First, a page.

23 June 2009

A Shropshire Lad called Harry


This is Harry (1906-1988), one of the most important people in my life. Harry was the Shropshire lad who managed to survive until he reached old age, unlike his elder brother Arthur who died of double pneumonia at the age of fifteen.

Arthur died in 1917. Harry's father died the following year, so Harry left school as soon as he was old enough to do so and helped his mother to make ends meet.


Harry's first job was in an iron foundry near Lawley. From his descriptions of it, the place was more like hell. Yet the countryside of Shropshire can often seem heavenly.


A PDF map for walking through the district


Today, the iron bridge, just down the road from where Harry grew up, is a World Heritage site and one of the most picturesque, too.

Have you read A E Housman's cycle of poems called A Shropshire Lad, or heard a few of them being sung?


A Shropshire Lad on Wikipedia

Read the poems for yourself

George Butterworth's music to the poetry - on YouTube - sung by John Shirley-Quirk, plus an orchestral interpretation

Music by Ralph Vaughan Williams and George Butterworth - to the poetry of A E Housman

Loveliest of trees, the cherry now - read by Eleanor Bron



Iron Bridge Gorge UNESCO

Iron Bridge Gorge Museums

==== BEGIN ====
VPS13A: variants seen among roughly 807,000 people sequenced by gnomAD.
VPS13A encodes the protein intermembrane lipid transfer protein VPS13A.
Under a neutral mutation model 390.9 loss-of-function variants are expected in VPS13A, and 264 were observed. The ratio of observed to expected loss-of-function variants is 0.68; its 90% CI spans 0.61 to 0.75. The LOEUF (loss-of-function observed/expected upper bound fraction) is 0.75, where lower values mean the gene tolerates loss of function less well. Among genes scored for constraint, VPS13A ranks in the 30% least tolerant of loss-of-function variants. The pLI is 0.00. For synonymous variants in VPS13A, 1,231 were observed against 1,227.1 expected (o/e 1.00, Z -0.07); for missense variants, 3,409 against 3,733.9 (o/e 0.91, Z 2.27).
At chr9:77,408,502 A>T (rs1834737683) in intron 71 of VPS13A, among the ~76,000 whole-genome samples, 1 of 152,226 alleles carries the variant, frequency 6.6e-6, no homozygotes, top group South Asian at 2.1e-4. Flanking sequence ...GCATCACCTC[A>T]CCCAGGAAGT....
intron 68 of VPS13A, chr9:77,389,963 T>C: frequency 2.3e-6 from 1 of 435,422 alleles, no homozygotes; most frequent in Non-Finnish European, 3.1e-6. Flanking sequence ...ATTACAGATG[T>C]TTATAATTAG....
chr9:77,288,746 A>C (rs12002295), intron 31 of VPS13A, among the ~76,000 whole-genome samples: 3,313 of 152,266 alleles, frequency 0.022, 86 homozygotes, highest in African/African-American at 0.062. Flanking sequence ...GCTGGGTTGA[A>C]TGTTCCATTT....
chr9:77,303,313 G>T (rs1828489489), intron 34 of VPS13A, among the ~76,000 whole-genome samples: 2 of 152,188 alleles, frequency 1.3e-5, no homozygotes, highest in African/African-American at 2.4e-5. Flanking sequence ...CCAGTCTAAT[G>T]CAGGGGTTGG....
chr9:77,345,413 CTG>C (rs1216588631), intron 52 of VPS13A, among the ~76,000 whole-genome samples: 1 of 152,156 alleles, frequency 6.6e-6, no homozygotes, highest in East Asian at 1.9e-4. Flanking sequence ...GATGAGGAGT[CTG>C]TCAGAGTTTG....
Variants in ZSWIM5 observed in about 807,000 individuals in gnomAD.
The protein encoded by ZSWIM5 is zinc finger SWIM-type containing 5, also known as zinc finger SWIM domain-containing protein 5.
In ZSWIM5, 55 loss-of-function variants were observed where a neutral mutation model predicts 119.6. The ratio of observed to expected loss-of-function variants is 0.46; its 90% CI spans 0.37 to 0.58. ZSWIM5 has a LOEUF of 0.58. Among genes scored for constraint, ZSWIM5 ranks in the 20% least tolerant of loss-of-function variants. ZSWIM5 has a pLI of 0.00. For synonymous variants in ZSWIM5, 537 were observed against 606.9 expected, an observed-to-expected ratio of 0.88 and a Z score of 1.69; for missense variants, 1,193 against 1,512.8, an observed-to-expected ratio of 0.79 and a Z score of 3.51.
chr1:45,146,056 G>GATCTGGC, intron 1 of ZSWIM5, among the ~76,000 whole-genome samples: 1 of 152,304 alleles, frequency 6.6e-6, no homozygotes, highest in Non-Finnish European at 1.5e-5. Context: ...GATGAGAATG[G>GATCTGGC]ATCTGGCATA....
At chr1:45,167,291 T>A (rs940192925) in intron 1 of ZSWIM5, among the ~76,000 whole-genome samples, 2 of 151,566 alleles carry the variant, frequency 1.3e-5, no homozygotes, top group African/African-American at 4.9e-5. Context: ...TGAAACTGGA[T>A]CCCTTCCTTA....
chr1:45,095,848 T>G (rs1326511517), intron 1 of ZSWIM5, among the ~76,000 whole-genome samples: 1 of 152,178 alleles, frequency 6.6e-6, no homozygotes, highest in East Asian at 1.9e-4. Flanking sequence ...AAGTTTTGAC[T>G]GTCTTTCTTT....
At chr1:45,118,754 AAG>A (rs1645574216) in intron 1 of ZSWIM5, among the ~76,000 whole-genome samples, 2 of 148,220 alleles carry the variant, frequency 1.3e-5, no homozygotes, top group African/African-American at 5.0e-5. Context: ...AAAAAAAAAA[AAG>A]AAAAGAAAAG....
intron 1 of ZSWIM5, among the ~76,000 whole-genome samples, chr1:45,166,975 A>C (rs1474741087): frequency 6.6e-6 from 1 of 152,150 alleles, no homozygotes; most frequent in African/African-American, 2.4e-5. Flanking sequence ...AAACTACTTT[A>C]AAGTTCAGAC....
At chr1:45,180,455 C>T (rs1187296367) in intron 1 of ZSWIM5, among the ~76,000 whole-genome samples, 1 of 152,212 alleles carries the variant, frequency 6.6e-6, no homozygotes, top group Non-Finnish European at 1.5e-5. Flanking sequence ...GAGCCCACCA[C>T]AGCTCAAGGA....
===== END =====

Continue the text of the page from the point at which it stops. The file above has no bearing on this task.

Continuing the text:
A video I found on YouTube about the Iron Bridge

A video about Blists Hill Victorian Town in Shropshire

A whistle stop tour of Shropshire



Although very few of my family members are known to have been military types, Harry's ancestors fought in another way. They were at the forefront of the Industrial Revolution, though they never became wealthy. You may know that Shropshire is where the Industrial Revolution all began.


Timeline of the Industrial Revolution

What happened?

What caused it to happen?

The Darby family's activities in Shropshire (they are not my ancestors)


Without the industrial revolution, and its agricultural precursor, most of my ancestors (and quite likely yours too) would probably have stayed as rural peasants, tilling and weeding and harvesting and spinning and weaving and trying to eek out a living.

Although a few people were involved in coal mining before the industrial revolution, the colliers of the 19th century in Shropshire included several of my ancestors - men, women and children. When the coal began to run out, some of my family moved to the more productive mines of Staffordshire, not far away.


About mining coal

Coal mining in Shropshire


Children at work - in the past

More children at work - in the past

Children at work - in the present


I continue to admire my grandfather's tenacity and dignity. He worked long hours in horrendous conditions while studying at night to better himself. He was mainly self-taught and became a skilled fitter from the 1920s to the 1940s, the proprietor of his own small business mending and maintaining "wireless" (radio) sets in the 1940s, and an engineer for a large company from the 1950s to the 1970s.

My mother thinks Harry was also a member of the Freemasons, though he never spoke about it.



Here is an update - December 2010

Did you know that this is one of the most popular blog posts at Ancestors Within? I have added more information and a few more links above to provide an even more vivid introduction to Harry's life and cultural heritage.

Learn more about him here:

The working lives of ancestors

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I especially appreciate historical insights.